In the 60th minute Vieira wisely removed Milivojevic and replaced him with Eze for his first appearance this season after injury.  Somewhat surprisingly, Gerrard replaced Jacob Ramsey with Douglas Luiz.  Of course, it made total sense given the need to get Luiz game time and the advantage of having a fresh Ramsey against Man City.  Still, it did not seem that smart when Luiz was given a red card barely five minutes after joining the game.

Fortunately, the VAR official noted that the initial perception, with Kouyaté writhing in pain, involved very little impact and lots of theater, and suggested the young referee take a second look.  The red card was pulled for a yellow card and Luiz breathed a sigh of relief.

Without Ramsey patrolling, the Eagles conjured up a couple of opportunities with Benteke’s bicycle kick being more dramatic than Edouard’s scuffed drive from a clever Gallagher pass, but Martinez gathered in both with aplomb.

El Ghazi, was then called upon for another cameo appearance replacing Ashley Young who, like Ramsey, received a warm round of applause from the traveling Villa faithful.

With five minutes left, the substitutions paid off.  From nothing all three substitutes combined with Matt Targett to cut through the Palace defense like a warm knife through butter and laid a pass to John McGinn that he swept into the top corner of the net from 20 yards.  He appeared to factor in the cross-wind as the ball started outside of the post before curving just inside, leaving Guaita at full-stretch unable to reach.

Our Scottish international star made sure that we knew how good his eyes are, and his eye-foot coordination in his victory romp.  Yes John, it was absolutely stunning and perfect. Crystal Palace 0, Aston Villa 2 after 86 minutes.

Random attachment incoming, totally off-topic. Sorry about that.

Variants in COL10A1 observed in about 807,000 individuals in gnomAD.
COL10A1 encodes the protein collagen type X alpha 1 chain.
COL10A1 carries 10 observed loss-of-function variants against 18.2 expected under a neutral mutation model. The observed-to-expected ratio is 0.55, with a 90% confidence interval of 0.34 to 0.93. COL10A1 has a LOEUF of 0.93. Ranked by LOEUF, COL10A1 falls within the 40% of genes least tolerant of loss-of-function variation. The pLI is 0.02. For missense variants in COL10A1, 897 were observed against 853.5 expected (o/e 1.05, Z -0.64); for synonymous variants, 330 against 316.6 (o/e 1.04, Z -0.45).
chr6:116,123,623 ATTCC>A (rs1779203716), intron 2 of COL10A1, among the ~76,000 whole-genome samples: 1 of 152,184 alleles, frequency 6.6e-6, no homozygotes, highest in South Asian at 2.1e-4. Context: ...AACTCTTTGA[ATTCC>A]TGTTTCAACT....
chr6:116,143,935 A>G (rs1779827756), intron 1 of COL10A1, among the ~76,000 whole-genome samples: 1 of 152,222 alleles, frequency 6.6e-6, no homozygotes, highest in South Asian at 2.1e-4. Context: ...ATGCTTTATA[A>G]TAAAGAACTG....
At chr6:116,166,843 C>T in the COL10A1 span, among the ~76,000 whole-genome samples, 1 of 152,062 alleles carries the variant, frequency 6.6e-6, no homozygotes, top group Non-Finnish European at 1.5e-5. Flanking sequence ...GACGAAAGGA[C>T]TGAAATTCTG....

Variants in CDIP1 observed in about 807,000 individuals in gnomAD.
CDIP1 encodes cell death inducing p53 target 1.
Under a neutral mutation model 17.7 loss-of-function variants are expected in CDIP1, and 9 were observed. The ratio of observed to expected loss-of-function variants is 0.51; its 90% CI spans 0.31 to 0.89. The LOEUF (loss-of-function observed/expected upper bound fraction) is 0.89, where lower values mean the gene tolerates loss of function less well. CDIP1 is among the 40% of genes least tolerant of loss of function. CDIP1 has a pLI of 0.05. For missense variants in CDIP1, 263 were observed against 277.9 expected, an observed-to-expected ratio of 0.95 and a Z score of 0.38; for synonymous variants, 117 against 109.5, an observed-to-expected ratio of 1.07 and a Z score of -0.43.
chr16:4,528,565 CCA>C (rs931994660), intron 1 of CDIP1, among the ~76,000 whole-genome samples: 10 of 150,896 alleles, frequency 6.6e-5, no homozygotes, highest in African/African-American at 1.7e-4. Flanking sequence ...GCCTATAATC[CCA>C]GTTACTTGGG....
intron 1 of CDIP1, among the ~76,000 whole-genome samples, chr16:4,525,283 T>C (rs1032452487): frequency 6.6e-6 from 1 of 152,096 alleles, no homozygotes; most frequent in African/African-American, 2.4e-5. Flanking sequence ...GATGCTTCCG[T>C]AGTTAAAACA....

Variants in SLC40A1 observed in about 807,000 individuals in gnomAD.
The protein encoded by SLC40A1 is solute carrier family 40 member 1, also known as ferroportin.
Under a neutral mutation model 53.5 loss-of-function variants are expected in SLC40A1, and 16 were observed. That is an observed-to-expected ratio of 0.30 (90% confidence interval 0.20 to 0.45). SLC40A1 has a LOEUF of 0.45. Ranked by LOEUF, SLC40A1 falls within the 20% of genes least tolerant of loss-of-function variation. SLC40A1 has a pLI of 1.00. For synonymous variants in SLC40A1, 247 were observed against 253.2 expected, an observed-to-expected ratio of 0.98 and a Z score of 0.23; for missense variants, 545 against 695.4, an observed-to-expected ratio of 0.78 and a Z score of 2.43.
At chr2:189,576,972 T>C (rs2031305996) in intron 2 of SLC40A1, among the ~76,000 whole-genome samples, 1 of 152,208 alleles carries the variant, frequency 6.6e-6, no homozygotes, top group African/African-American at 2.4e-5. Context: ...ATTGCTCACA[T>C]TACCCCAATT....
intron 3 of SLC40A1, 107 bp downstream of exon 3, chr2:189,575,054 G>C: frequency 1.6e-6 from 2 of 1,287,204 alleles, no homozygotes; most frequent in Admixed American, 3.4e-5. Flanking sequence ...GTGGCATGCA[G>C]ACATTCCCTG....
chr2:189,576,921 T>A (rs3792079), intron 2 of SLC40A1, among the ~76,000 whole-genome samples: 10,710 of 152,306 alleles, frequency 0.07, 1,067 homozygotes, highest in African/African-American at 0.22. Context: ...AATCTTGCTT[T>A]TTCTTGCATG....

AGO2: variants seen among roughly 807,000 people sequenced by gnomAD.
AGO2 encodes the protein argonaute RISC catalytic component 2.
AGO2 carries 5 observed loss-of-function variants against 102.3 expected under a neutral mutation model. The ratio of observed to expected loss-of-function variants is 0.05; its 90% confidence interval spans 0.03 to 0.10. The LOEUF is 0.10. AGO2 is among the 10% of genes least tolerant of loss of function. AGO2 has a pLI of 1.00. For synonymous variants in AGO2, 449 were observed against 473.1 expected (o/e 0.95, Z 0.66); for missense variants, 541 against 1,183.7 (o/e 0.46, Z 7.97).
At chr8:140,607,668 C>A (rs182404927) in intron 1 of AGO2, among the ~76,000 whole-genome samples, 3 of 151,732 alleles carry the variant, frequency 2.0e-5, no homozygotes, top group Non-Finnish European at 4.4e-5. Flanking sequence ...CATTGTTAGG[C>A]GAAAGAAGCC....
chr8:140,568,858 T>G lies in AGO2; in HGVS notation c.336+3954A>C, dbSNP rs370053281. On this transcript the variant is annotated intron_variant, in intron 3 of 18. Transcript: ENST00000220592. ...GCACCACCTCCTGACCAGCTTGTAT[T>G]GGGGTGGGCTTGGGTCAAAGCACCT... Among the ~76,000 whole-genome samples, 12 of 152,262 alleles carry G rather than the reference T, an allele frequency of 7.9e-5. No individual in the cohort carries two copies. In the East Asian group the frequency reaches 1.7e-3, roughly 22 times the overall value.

With a little more than a minute of the injury time left, the Eagles had all but conceded defeat and no forwards bothered to chase when they gained possession on the right.  Kouyaté aimed a cross into the 6-yard box and a hopeful Guehi stuck out his leg at the near post and the deflection managed to evade Konsa and Martinez. Crystal Palace 1, Aston Villa 2 after 90+5 minutes.

The Eagles never did regain meaningful possession as our Villans kept them in their left-wing corner area and a full field from Martinez until the final whistle.  A satisfying and competent win that augurs well for the challenges ahead. 

Crystal Palace: Guaita, Ward, Tomkins, Guehi, Mitchell, Gallagher, Milivojevic, Kouyate, Olise, Benteke, Zaha

Unused Subs: Butland, Hughes, Schlupp, Clyne, Kelly, Riedewald

Aston Villa: Martinez, Cash, Mings, Konsa, Targett, McGinn, Jacob Ramsey (Douglas Luiz 67′), Nakamba, Bailey (El Ghazi 77′), Watkins, Young (Buendía 85′)

Unused Subs: Steer, Sanson, Hause, Davis, Tuanzebe, Carney Chukwuemeka,